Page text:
Deployment Pipelines in eResearch: challenges and successes

Mr Nick Rossow1,  Heidi Perrett2, Mr Jan Hettenhausen3

1Griffith University, Nathan, Australia

ABSTRACT

In the current research environment application development has become a critical element in research workflows. Many countries like Australia are investing heavily in not only hardware infrastructure but also the application platforms required to undertake research. Similarly, within institutions as research teams become large and data flows increase the need for software applications is increasing with the requisite level of software engineering practices.

Software Engineering practises have undergone a significant evolution over time with Agile methodologies currently being the dominant approach in many industries, including eResearch. One of the newer models under the umbrella of Agile approaches is continuous delivery, in which software is developed with the idea of being releasable at any time. In order to achieve this, continuous delivery heavily relies on automating testing and building and deploying the code in a pipeline-style process. Some of the benefits, in particular in the context of developing applications in close collaboration with researchers, are that projects can evolve more quickly whilst maintaining a high-quality standard of the product. These benefits also persist after the product is handed over to support as the automation provides a mechanism for confidence in software and hardware updates and patches.

At Griffith University, eResearch Services provide specialist IT support for researchers across all Griffith Schools and Research Centres. Our activities are split between software development for niche research needs, providing services such as high performance computing, hosting and maintaining broadly applicable software applications such as research storage and data collection tools, alongside programming workshops and media productions for research projects.

By implementing a continuous deployment pipeline our goal was to be able to quickly and efficiently deploy new applications, patches to existing applications and be able to quickly scale resources available to the project team. It was our experience that the technical debt required to add an additional developer resource to the project far outweighed any possible benefit this would achieve in a reasonable timeframe. By implementing a Continuous Delivery model, we have been able to successfully add a new developer to a project and have productive input in a matter of hours instead of days.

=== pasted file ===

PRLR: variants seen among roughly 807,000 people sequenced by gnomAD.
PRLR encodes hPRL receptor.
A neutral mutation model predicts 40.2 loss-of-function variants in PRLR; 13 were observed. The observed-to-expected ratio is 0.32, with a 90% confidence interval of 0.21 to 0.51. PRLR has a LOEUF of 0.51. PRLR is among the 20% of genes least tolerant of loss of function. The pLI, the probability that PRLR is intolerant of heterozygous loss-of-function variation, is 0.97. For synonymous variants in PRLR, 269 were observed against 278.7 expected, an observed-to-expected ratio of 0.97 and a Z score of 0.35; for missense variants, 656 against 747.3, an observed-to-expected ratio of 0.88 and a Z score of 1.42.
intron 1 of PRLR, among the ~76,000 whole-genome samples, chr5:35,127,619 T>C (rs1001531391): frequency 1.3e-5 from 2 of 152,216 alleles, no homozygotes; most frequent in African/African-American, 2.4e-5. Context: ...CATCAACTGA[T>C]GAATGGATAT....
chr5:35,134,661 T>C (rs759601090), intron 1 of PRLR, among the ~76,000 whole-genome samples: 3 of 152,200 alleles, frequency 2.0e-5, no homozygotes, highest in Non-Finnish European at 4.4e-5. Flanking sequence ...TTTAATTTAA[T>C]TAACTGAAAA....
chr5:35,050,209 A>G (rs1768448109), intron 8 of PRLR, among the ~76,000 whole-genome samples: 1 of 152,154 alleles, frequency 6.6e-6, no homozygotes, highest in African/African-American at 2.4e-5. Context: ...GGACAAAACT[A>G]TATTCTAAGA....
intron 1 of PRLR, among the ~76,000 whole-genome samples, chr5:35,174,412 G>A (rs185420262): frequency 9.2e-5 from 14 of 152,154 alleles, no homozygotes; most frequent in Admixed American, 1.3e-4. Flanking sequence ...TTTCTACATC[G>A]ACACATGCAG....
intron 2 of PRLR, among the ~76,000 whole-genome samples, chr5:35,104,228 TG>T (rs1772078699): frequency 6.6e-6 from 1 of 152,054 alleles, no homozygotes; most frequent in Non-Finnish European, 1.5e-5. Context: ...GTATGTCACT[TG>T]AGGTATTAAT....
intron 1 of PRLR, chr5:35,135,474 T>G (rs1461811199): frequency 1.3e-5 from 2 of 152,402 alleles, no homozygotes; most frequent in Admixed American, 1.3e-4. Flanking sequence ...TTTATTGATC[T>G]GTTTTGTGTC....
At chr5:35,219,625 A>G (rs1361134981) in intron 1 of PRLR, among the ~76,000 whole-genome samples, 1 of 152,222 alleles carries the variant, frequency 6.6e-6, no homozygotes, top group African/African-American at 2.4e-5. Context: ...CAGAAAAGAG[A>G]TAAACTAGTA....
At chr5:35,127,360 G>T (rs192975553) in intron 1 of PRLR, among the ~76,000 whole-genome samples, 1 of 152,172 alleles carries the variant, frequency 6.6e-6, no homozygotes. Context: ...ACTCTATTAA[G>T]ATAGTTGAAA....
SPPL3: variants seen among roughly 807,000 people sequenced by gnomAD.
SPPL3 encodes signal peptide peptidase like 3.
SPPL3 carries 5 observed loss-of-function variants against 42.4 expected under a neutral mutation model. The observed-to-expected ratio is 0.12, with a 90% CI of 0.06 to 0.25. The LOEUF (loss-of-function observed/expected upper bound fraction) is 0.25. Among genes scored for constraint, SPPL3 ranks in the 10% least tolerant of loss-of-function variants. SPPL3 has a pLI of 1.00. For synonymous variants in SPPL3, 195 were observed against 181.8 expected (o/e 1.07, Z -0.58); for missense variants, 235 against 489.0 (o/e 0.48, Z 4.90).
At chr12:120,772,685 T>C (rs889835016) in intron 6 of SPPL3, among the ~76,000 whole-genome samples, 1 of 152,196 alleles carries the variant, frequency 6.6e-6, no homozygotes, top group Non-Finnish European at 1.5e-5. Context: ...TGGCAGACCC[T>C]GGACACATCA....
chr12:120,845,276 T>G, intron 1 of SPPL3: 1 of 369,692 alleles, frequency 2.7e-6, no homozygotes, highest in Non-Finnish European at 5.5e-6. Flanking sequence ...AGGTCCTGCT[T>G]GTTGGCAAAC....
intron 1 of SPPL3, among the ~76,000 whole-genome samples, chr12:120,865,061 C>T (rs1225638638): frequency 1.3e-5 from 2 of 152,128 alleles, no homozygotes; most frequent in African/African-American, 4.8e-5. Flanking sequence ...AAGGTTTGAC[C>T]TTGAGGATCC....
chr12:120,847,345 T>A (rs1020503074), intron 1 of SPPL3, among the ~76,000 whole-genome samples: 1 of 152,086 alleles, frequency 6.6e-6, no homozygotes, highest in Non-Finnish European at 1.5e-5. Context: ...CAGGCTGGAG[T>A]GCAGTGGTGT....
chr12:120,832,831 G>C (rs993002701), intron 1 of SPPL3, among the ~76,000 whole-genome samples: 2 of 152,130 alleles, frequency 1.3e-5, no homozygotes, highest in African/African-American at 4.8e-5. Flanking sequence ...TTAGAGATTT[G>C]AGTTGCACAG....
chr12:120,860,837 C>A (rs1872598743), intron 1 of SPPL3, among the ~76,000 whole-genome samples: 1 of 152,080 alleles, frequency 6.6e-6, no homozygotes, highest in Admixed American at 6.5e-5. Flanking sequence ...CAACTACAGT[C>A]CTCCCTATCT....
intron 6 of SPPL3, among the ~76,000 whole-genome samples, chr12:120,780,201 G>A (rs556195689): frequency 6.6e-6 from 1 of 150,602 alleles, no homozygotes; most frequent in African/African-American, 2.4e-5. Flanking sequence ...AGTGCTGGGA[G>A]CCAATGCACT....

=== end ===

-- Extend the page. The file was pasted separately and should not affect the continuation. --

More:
In our presentation, we will discuss the challenges and successes we faced over the past 18 months as we moved towards a Continuous Delivery model for the way we delivered the development of solutions for niche research needs. To highlight some of the challenges and successes we will look at the past 18 months from 3 distinct vantage points; that of the Project Manager, the Developer and that of the Technical Lead. We will talk about the main drivers for our desire to change and delve into some of the key benefits we have already seen and expect to see in the near future.

This presentation will be of interest to anyone that has an interest in improving internal processes, or those that are involved in the development process; from end users to project managers and developers.


Biography

Nick Rossow is the acting manager of the Consultancy and Development eResearch group at Griffith University. Nick has worked at Griffith University for 11 years and in the eResearch team for the last 7 years with substantial contributions to research projects in various sectors of Research such as Health, Criminology, Humanities and Social Sciences.

Recently Nick has taken on the challenges of management of the eResearch Consultancy and Development team being involved in all areas of research projects and governance.

About the conference

eResearch Australasia provides opportunities for delegates to engage, connect, and share their ideas and exemplars concerning new information centric research capabilities, and how information and communication technologies help researchers to collaborate, collect, manage, share, process, analyse, store, find, understand and re-use information.

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